The old man's gray high-top sneakers bounced up and down as he sang to children in the Salt Lake airport's lounge. "I choose wilderness, my Utah wilderness, wandering this grand land takes hold of my soul . . . ."
Earl Robinson was on his way back to Seattle, having just visited southern Utah's desert, where the songwriter was moved to compose a paean to the wilderness. (For privacy, Delta Airlines provided a room where a singing interview could take place.)At 80, he is used to writing songs for great causes, the labor movement to civil-rights anthems to celebrations of the history of the American people.
About 55 years ago, during the Depression, Robinson was in a camp where the workers sang songs around the campfire many nights. A man named Alfred Hayes asked him if he could write music to a poem he had composed.
It started, "I dreamed I saw Joe Hill last night, alive as you or me . . . " and ended, "`I never died,' says he." It is the story of Hill, a labor leader who was executed at Sugarhouse Prison in 1915 on a murder conviction.
Hill was one of the leaders of the radical group, the Industrial Workers of the World. He is especially important to Robinson, because he wrote songs himself. The "Little Red Song Book" - with Hill songs like "Casey Jones, the Union Scab" and "Workers of the World, Awaken!" - was as close to a hymnal as the IWW ever got.
At the camp, "we decided to do a program of Joe Hill songs." Hayes gave him the lyrics, and Robinson went into his tent. He emerged in about 40 minutes with the music, and they sang it that night.
Robinson remembers that there wasn't much applause at the song's first performance. But next morning, some of the people asked for copies. Before the end of the summer of 1937, the song was being sung at labor demonstrations and strikes across the country. It helped boost the spirits of the American Lincoln Brigade in Spain during the Spanish Civil War.
That song has been recorded by Pete Seeger, Joan Baez, Bob Dylan (the Dylan variant begins, "I dreamed I saw St. Augustine,") and rendered by practically every other folk singer who ever strummed a guitar.
Robinson has met many of the great songwriters and folk singers of the past five decades. "Bob Dylan's an original," he said.
"Woody was a great man, and irascible" he said of another of his old buddies, Woody Guthrie. "When he felt good, he'd be the greatest performer in the world. When he felt bad about himself or his audience, he was poor."
While in the state, the Utah publisher and author Gibbs Smith took Robinson to Little Wild Horse Canyon in the San Rafael Reef. At sunset, they visited Upper Muley Twist at Capitol Reef National Park. The result of the visit to the wilds was the new song, "I Choose Wilderness."
"It's so vital and real, you know," Robinson said of the southern Utah desert. "Just really extraordinarily beautiful."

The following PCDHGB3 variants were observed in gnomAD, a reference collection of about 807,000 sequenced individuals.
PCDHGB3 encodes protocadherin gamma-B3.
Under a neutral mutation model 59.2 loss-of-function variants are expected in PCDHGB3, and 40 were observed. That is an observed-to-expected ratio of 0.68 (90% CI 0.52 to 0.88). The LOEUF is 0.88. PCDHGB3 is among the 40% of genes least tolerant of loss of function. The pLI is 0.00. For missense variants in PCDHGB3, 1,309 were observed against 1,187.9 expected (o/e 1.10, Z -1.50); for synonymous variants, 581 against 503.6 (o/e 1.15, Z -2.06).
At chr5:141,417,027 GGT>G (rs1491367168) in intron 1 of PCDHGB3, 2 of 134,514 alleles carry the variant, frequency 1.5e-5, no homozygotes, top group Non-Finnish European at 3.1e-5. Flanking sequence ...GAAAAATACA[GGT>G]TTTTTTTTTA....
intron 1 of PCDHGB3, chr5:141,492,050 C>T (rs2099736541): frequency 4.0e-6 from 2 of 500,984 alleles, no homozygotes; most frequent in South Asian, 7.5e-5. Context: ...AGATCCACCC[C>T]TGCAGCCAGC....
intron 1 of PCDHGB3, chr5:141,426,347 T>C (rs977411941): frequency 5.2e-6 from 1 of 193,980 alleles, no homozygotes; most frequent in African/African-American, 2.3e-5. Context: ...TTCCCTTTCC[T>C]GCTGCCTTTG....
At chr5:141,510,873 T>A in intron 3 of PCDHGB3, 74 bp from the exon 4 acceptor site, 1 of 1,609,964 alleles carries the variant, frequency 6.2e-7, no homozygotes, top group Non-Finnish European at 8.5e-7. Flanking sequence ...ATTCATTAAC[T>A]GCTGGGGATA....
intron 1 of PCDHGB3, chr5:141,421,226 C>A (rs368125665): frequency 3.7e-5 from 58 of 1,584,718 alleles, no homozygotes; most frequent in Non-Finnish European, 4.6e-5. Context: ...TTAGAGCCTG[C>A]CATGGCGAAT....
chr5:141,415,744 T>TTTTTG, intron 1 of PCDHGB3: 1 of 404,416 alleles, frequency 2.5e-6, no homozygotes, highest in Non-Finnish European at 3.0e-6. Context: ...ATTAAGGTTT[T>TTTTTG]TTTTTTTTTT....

After their trip to Utah's Dixie, the pair spoke about Joe Hill at Weber State University, Ogden.
Smith, who recently stepped down as chairman of the Utah Chapter of the Sierra Club after five years, thinks the new song might help advance the wilderness cause. "I think the Sierra Club should have Earl go back to Congress and sing a song."
If Robinson goes, he might have to put on a necktie. He hasn't worn one since 1942. He didn't have much choice that time: It was somewhat of a command performance at a White House dinner given by Eleanor Roosevelt.
Other songs by Robinson have gained national fame, such as "The House I Live In," which Frank Sinatra sang; "Black and White," recorded by Three Dog Night in the 1960s, a song celebrating racial integration in schools; "Hurry Sundown," recorded by Peter, Paul and Mary.
He was sidetracked during the witch-hunting days of Sen. Joseph was McCarthy. "That was kind of tough. I working in Hollywood in the '40s, and I did the scores for several films . . . I got on what I called a `graylist.' The jobs dried up. I stopped getting calls."
The dry spell lasted through the '50s.
"I kept writing, but I wasn't popular as I was in the '40s," he said.
Nowadays, he's not so hung up on the class struggle. His interest has turned to nature and bringing people together.
He is writing a cycle of songs with the general heading, "Ballad for Mother Earth," and the new piece about Utah wilderness fits in fine.
"Well, this is a real part of people, and just deserves to be saved and preserved and not polluted," Robinson said of the wilderness.
So one of these days, when the debates are going hot and furious, a smiling elderly man just may sooth tempers in Congress, singing about peregrine falcons, golden eagles, and "the juniper woodland, the fragrant pinyon."